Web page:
"Since this is the centennial of the Spanish-American War, books on Theodore Roosevelt and his era have been falling like rain. Renehan's book is not a political or military history, but for those who aspire to a fuller understanding of Roosevelt's character, it is vital. Despite his blistering public image, Roosevelt was a gentle, if occasionally stern, parent who was intimately involved in his children's daily lives. Of course, he strove to inculcate them
with his ideas of honor and duty. Thus, he was deeply wounded and guilt-stricken when his youngest child, Quentin, was killed in aerial combat during WWI. Roosevelt was undoubtedly the dominant figure in
his children's lives; Renehan's portraits of the children further enrich a superb, real-life family saga."--Jay Freeman, Booklist
"Beguiling...Provide[s] a revealing portrait of the old Anglo-Saxon elite that once dominated American society."--Robert W. Merry, The New York Times Book Review
"An informative, well-written anecdotal account of the Roosevelts...Recommended for academic and public libraries and especially suitable for young adults."--Library Journal
"Renehan creates a story that is at once a family tragedy and the denouement of a way of thinking...Through previously unpublished family papers, judiciously chosen facts, and a moving narrative that skillfully parallels the personal and political, Renehan reveals a great deal about American society and politics, and about the culture of war. But most of all, he tells a sad story of the end of an era and the end of a man."--Publishers Weekly (starred
"A warm, poignant picture of the relationship between Theodore Roosevelt and his six remarkable children, based on previously unpublished family letters, papers, and interviews...An unusual view of the human side of an extraordinary public figure."--Kirkus Reviews
"Renehan has a sure instinct for human interest. This engaging account of Theodore Roosevelt's idealization of military values and its effect on his children should appeal to historians and the general public alike, for it cuts to the core of the human experience through the eyes of an entire family."--William H. Harbaugh, author of Power and Responsibility: The Life and Times of Theodore Roosevelt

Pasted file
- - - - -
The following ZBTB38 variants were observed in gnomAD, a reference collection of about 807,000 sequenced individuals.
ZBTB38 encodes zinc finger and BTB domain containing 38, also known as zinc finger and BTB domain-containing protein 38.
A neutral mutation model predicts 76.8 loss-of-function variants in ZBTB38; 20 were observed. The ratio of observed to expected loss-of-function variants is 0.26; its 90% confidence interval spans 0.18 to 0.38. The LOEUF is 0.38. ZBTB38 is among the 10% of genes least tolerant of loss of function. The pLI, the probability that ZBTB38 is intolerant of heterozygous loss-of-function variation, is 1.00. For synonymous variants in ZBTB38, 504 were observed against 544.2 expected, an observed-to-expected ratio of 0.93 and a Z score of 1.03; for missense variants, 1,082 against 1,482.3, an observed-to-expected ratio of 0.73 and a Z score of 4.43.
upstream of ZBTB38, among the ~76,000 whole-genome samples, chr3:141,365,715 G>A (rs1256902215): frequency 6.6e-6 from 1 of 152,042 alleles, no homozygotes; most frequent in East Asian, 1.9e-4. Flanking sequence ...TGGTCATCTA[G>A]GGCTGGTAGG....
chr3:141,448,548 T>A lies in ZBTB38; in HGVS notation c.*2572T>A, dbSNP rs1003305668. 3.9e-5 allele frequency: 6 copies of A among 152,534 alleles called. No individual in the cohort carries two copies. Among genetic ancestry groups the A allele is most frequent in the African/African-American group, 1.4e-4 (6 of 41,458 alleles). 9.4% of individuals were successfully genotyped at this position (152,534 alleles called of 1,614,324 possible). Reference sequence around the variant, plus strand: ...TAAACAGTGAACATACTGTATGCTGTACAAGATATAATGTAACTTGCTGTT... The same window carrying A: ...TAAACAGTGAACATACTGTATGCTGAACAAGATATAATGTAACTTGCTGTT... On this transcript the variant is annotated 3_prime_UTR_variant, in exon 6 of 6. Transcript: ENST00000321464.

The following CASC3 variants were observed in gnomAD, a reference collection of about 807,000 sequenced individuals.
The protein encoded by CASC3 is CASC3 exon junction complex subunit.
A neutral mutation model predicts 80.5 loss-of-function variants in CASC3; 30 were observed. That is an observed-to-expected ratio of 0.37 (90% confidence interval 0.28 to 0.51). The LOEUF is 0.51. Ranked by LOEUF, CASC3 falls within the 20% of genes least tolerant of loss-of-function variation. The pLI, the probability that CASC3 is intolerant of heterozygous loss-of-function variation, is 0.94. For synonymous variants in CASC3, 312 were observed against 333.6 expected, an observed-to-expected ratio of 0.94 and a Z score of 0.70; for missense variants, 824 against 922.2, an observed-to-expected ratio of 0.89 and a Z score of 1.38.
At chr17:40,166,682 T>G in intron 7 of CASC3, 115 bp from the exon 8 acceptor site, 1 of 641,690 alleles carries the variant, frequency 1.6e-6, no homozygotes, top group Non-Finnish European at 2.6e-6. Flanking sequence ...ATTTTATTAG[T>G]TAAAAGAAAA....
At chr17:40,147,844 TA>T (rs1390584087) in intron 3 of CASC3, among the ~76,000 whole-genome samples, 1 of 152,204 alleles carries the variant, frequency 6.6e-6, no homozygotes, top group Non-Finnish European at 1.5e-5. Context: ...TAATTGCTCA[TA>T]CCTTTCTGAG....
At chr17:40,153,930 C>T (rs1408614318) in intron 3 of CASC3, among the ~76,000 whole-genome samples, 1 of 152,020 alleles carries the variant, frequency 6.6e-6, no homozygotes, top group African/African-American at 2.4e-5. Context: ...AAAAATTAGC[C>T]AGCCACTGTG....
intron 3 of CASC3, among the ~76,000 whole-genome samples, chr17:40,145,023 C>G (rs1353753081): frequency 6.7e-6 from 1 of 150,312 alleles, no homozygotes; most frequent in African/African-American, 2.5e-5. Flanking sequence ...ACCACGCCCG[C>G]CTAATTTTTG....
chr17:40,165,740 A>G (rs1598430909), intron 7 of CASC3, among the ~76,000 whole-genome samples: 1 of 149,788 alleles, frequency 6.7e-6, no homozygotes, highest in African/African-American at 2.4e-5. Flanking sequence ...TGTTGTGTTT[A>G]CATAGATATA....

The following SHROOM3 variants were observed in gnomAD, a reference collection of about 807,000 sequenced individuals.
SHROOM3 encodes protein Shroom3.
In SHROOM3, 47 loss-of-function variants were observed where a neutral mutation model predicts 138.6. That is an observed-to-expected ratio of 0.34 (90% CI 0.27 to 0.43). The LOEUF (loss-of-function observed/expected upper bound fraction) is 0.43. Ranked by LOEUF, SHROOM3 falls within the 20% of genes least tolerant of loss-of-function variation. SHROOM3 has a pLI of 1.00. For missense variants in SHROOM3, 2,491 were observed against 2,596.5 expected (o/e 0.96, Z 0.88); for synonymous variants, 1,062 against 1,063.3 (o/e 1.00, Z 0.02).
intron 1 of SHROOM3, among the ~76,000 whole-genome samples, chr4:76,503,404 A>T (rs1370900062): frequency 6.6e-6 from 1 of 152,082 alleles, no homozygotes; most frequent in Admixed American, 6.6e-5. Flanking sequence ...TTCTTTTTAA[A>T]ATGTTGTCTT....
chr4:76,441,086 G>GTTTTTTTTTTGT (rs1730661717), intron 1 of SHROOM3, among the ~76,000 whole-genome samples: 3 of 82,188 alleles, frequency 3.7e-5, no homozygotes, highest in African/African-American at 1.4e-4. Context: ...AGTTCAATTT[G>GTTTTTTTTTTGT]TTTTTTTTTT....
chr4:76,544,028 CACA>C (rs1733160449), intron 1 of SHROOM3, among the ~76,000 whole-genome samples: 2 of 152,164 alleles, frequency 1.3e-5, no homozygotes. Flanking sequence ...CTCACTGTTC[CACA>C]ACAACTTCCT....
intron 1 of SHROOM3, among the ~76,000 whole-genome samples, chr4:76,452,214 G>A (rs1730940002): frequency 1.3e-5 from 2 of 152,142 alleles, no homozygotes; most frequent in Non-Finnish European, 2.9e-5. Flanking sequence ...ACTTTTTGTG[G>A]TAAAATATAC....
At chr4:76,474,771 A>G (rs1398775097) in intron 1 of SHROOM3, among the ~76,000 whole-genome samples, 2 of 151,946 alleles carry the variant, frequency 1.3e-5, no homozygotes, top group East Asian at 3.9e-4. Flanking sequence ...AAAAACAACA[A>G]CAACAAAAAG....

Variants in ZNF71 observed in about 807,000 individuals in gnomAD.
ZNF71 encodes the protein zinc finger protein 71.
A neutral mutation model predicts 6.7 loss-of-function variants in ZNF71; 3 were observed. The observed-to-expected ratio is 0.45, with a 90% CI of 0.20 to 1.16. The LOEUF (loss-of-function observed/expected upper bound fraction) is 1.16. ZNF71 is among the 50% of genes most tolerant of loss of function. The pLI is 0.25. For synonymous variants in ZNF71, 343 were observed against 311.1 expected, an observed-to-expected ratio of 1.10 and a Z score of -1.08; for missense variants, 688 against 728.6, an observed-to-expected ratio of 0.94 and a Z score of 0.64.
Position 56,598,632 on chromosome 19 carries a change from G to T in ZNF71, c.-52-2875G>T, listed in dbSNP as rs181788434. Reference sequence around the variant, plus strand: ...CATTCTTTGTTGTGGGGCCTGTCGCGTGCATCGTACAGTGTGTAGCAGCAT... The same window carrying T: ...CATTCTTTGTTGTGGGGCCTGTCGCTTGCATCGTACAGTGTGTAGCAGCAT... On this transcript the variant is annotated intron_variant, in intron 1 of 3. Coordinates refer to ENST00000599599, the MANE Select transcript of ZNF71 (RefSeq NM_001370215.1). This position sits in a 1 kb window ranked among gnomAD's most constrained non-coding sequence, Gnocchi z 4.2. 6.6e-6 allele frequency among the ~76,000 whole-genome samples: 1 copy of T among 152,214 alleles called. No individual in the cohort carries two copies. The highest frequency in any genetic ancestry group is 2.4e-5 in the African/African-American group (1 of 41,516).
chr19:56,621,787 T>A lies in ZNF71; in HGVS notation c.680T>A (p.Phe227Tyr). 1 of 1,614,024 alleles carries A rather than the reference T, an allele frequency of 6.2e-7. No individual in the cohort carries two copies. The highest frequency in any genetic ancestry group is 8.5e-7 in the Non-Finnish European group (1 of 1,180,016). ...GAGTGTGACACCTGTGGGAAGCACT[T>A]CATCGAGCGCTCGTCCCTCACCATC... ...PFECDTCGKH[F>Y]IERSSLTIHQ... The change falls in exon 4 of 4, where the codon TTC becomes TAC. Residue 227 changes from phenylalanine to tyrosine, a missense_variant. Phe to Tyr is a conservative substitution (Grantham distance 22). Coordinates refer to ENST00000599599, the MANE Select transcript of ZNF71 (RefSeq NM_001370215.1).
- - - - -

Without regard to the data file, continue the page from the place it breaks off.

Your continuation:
"An elegant, compelling history of Theodore Roosevelt and his four sons, brimming with patriotism and pathos. A family saga of the most extraordinary nature."--Douglas Brinkley, author of The Majic Bus: An American Odyssey and editor of The Portable Theodore Roosevelt
"Edward J. Renehan's insightful [volume] examines a small but poignant slice of the Roosevelt story...The Lion's Pride will have strong appeal to anyone who enjoys reading about Roosevelt or World War I. And it should resonate with any parent who has seen a son--or a daughter--off to war."--Harry Merritt, Bookpage
"Engrossing, well-written, poignant."--The Plain Dealer
"Edward Renehan has the gift of few biographers, allowing his affection for the subject to shine through."--American Statesman
"The details of the Roosevelts' boisterous family and public life...make this book especially memorable. [It] adds new dimensions to the fascinating and complex person who was Theodore Roosevelt."--Anderson (S.C.) Independent-Mail